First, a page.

21. KinderCowgirl

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    Believe it or not, it works the other way too. If you have GT or truly advanced students who score a 4th Grade level in 1st Grade, it's really hard to advance them another whole year on the test. We had a teacher who wouldn't teach GT anymore because her scores were through the roof, but not high enough to show the requisite progress for each student. And it wasn't because they didn't make progress, it just wasn't something that would show on the test.
     
  22. Aliceacc

    Aliceacc Multitudinous

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    If tenure isn't the reason we have so many bad teachers, someone please explain to me: WHY is it????
     
  23. swansong1

    swansong1 Virtuoso

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    Again, I absolutely agree with what you are saying. But, these states are kind of putting the cart before the horse. They are passing laws to change tenure before they put in place the necessary measurement techniques. It has been my experience (our state went through the same thing this year) that the measurements were going to be based on end of course exams (not yet written) and state exams.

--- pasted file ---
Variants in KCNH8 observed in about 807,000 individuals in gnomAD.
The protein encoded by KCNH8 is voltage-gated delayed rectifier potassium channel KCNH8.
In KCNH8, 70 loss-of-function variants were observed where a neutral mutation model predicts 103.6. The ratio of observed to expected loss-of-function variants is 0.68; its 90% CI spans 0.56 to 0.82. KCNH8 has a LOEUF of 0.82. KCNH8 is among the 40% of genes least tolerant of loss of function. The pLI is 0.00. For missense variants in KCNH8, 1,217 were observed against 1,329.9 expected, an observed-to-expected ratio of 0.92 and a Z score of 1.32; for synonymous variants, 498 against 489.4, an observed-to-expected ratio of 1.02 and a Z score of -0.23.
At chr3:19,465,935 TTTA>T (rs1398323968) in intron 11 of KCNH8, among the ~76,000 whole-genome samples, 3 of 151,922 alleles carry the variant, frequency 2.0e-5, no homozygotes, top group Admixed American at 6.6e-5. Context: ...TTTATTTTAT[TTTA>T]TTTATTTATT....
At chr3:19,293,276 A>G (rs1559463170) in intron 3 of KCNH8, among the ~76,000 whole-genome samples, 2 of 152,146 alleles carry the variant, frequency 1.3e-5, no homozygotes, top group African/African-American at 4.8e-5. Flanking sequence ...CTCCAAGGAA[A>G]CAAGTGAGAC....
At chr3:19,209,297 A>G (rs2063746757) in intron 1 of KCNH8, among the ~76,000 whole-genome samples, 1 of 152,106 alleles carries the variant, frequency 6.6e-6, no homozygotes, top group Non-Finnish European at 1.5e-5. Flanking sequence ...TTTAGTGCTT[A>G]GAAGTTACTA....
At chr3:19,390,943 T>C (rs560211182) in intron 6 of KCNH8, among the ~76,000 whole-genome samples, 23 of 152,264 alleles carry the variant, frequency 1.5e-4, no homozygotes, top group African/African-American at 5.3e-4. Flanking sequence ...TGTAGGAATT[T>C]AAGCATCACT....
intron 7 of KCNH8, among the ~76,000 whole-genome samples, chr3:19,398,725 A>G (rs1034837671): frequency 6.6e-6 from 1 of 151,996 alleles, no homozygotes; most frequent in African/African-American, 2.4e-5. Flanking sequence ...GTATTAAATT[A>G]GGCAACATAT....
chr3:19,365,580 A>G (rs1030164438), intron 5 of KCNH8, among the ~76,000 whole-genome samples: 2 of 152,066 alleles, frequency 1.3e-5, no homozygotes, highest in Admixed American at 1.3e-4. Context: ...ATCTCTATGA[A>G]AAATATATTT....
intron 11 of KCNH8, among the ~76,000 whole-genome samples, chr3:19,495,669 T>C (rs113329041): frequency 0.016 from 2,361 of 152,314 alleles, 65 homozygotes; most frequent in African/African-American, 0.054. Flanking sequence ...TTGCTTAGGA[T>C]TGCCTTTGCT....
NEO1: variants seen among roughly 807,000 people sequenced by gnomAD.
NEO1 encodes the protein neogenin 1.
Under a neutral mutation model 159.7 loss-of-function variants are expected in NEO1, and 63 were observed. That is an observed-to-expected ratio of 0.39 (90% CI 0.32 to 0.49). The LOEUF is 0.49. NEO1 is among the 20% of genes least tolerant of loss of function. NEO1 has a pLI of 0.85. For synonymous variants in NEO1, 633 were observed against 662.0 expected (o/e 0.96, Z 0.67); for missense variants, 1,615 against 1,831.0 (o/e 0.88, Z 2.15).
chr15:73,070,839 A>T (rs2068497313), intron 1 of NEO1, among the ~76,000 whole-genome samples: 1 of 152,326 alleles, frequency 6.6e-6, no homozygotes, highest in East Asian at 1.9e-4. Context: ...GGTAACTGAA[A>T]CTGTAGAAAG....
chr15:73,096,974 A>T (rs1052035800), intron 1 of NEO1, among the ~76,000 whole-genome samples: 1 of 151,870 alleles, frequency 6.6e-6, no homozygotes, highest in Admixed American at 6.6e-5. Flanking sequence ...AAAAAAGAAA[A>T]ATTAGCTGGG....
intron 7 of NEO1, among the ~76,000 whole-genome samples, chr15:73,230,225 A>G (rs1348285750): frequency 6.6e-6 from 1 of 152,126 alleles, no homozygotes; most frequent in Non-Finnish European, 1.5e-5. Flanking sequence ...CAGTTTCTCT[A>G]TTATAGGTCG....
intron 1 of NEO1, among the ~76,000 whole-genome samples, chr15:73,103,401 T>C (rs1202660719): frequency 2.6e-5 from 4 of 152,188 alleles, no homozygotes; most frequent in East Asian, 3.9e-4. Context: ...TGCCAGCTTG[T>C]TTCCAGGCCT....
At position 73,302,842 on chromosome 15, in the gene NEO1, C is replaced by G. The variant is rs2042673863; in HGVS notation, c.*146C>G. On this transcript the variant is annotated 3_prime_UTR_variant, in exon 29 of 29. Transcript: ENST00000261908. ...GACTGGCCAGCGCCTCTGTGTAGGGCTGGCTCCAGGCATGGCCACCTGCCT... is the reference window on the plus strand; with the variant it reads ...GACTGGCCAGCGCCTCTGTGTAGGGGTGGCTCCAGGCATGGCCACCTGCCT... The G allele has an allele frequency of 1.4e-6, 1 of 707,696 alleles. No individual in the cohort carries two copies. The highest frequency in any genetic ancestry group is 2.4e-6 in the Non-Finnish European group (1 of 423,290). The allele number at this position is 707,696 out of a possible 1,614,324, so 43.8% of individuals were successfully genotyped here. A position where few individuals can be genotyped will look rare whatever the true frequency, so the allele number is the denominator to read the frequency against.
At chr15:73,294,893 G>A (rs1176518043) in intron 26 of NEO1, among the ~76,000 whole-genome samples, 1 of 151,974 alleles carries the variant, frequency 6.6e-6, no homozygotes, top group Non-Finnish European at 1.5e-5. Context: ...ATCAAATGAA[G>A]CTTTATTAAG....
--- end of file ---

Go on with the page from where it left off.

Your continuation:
24. Aliceacc

    Aliceacc Multitudinous

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    I don't know whether Colorado has it right.

    But I'm thrilled that the issue will now receive national attention. I've cried too many tears-- and responded to too many PMs-- about people who have no business being in a classroom.
     
  25. swansong1

    swansong1 Virtuoso

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    I'm not sure if the question of incompetent teachers lie with tenure, or the fact that admin has to do paperwork to remove an incompetent teacher. In my career I have worked for about 15 different principals. Almost every single one chose the route of making an incompetent teacher so uncomfortable in their situation that the teacher quit rather than going through the process that is established to remove a teacher. Unfortunately, by taking the easy way out, the principal just made it easier for that incompetent teacher to move to another school and continue their practice of not teaching.
     
  26. Aliceacc

    Aliceacc Multitudinous

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    But again, doens't that come down to the fact that it's too hard to fire incompetant teachers?? If it weren't sooo much easier to just pass the buck, good administrators would do what was necessary. Instead, the current system makes it just too difficult, so they play the "not in MY school" game. Or they try to put those weak teachers into grades and classes where they're less likely to do harm-- the non testing years.
     
  27. TiffanyL